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The empowerment of women, fertility, and child mortality: Towards a theoretical analysis

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  • Mukesh Eswaran

    ()
    (Department of Economics, University of British Columbia, # 997-1873 East Mall, Vancouver, B.C., Canada V6T 1Z1.)

Abstract

This paper examines one avenue through which female autonomy impinges on fertility and child mortality in developing countries. A simple model is set out in which couples are motivated to have children for old age security purposes. The decisions of a couple regarding fertility and allocation of resources for the healthcare of their children are made within a bargaining framework. An increase in female autonomy translating into an increase in the relative bargaining power or the threat point utility of mothers is shown to reduce fertility and also to reduce child mortality rates. Paradoxically, the increase in female autonomy within a household may increase the disadvantage suffered by female children in that household with respect to survival.

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Bibliographic Info

Article provided by Springer in its journal Journal of Population Economics.

Volume (Year): 15 (2002)
Issue (Month): 3 ()
Pages: 433-454

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Handle: RePEc:spr:jopoec:v:15:y:2002:i:3:p:433-454

Note: Received: 4 August 1999/Accepted: 7 September 2000
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Related research

Keywords: Child mortality · fertility · empowerment of women;

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Cited by:
  1. Federico Ciani & Gianna Claudia Giannelli, 2013. "Surviving the Genocide: The Impact of the Rwandan Genocide on Child Mortality," CHILD Working Papers Series 20, Centre for Household, Income, Labour and Demographic Economics (CHILD) - CCA.
  2. Doepke, Matthias & Tertilt, Michèle, 2008. "Women's Liberation: What's in It for Men?," CEPR Discussion Papers 6771, C.E.P.R. Discussion Papers.
  3. Kazuya Wada, 2011. "What Effect Does Female Autonomy Have on Child Health? Microeconometric Evidence from Rural India," Global COE Hi-Stat Discussion Paper Series gd11-202, Institute of Economic Research, Hitotsubashi University.
  4. Alfonso Miranda, 2010. "A double-hurdle count model for completed fertility data from the developing world," DoQSS Working Papers 10-01, Department of Quantitative Social Science - Institute of Education, University of London.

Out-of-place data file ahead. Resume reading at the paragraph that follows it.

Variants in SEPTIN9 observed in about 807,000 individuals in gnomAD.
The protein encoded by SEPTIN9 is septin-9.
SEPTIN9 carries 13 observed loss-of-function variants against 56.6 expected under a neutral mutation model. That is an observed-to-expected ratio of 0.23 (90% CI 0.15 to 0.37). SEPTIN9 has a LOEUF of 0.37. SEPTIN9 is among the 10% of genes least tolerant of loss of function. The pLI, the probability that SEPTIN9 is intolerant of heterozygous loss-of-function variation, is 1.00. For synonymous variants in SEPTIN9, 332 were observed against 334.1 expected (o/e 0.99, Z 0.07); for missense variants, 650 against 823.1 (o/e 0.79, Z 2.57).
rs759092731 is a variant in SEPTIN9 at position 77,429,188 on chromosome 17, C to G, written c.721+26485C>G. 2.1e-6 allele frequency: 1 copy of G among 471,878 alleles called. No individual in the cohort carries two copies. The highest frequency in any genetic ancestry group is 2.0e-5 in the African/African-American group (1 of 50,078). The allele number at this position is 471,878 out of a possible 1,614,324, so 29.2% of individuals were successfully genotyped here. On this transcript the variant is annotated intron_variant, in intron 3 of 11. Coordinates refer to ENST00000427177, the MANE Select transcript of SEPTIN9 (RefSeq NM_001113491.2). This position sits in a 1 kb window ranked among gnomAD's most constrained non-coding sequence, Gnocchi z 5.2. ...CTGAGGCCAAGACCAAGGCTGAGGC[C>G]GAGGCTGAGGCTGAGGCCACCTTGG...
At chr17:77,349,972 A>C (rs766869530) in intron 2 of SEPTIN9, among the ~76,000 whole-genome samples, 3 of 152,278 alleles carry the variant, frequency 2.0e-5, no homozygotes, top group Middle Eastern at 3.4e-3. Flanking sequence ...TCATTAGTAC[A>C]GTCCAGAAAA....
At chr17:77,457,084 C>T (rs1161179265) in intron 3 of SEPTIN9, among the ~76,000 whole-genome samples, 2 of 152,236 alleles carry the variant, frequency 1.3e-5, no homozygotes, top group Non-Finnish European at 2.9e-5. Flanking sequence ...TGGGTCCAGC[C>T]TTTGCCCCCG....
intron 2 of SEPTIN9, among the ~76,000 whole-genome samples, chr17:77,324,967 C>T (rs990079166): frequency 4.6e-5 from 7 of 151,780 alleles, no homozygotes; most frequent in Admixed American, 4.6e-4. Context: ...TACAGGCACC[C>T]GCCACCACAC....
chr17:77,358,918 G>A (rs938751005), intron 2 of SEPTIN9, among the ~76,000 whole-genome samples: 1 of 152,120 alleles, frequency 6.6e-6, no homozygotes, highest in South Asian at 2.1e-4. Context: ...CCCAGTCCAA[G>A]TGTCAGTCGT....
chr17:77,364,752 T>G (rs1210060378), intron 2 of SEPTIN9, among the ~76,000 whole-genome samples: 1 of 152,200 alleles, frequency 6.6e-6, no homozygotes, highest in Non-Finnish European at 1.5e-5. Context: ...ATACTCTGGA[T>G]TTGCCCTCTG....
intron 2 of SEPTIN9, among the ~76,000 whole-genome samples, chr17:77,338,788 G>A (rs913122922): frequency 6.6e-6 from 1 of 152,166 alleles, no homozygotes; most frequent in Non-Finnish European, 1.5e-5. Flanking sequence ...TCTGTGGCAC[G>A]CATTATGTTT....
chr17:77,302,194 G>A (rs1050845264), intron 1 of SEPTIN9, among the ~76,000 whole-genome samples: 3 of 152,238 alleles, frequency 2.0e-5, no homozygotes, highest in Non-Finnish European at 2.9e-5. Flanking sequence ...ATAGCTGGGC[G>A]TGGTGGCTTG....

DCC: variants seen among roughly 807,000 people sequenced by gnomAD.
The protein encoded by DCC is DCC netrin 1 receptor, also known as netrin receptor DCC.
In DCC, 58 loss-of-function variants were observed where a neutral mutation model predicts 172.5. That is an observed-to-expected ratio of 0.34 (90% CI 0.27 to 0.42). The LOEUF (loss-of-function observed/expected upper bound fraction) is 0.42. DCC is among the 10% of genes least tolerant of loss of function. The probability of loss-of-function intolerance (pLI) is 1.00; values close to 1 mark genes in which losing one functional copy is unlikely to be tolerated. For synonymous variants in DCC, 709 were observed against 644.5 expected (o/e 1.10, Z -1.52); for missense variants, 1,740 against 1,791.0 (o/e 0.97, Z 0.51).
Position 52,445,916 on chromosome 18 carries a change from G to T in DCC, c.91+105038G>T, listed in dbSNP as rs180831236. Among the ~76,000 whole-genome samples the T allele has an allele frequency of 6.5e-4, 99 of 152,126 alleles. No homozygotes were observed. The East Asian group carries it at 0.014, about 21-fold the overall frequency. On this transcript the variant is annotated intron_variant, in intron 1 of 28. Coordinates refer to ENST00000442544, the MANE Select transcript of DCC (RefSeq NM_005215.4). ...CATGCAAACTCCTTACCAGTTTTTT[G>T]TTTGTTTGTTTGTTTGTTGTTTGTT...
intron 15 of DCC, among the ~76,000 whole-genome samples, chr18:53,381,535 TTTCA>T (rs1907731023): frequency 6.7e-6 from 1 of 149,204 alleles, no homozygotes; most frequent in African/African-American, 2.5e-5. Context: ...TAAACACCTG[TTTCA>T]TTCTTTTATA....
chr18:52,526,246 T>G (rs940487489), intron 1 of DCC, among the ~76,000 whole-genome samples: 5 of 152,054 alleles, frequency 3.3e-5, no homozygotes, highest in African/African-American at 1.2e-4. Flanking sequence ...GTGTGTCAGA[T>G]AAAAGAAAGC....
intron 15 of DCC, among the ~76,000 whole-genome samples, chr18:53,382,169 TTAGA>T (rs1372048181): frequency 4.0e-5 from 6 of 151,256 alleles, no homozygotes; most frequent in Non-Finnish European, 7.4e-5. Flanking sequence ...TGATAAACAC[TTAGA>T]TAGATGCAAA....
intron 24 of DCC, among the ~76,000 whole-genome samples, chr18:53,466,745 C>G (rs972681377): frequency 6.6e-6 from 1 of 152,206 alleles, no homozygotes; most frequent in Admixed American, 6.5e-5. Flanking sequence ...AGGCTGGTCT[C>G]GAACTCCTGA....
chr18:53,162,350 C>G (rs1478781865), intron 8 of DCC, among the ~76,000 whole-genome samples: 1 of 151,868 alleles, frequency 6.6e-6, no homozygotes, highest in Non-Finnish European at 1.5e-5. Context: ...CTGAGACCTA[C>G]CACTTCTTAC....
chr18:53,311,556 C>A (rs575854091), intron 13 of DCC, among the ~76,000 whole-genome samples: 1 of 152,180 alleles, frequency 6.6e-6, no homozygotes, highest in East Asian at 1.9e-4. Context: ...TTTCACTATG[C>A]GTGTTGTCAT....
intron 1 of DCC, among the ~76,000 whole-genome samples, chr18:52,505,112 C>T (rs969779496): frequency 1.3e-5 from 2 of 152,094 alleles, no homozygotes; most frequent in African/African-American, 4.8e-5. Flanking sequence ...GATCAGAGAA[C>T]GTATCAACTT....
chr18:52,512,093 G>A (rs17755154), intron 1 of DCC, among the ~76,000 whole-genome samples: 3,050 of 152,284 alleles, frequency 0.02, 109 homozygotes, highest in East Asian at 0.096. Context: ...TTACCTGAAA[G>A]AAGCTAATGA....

5. Seebens, Holger, 2006. "Bargaining over Fertility in Rural Ethiopia," Proceedings of the German Development Economics Conference, Berlin 2006 25, Verein für Socialpolitik, Research Committee Development Economics.
  6. Miriam Steurer, 2009. "Children as Family Public Goods: Some Implications for Fertility," Discussion Papers 2009-04, School of Economics, The University of New South Wales.
  7. Nathalie Guilbert & Karine Marazyan, 2013. "Being Born Out-of-Wedlock: Does it affect a Child’s Survival Chance? An Empirical Investigation for Senegal," Working Papers DT/2013/07, DIAL (Développement, Institutions et Mondialisation).
  8. Alfonso Miranda, 2003. "Socio-economic characteristics, completed fertility, and the transition from low to high order parities in Mexico," Labor and Demography 0308001, EconWPA.
  9. Daniel Rosenblum, 2013. "The effect of fertility decisions on excess female mortality in India," Journal of Population Economics, Springer, vol. 26(1), pages 147-180, January.
  10. Sarah Baird & Ephraim Chirwa & Jacobus de Hoop & Berk Özler, 2014. "Girl Power: Cash Transfers and Adolescent Welfare. Evidence from Cluster-Randomized Experiment in Malawi," NBER Chapters, in: African Successes: Human Capital National Bureau of Economic Research, Inc.
  11. Anderson, Siwan & Eswaran, Mukesh, 2009. "What determines female autonomy? Evidence from Bangladesh," Journal of Development Economics, Elsevier, vol. 90(2), pages 179-191, November.
  12. Guilbert, Nathalie, 2013. "Early Marriage, Women Empowerment and Child Mortality: Married Too Young To Be a «Good Mother»?," Economics Papers from University Paris Dauphine 123456789/11404, Paris Dauphine University.
  13. Mizuki Komura, 2013. "Fertility and endogenous gender bargaining power," Journal of Population Economics, Springer, vol. 26(3), pages 943-961, July.

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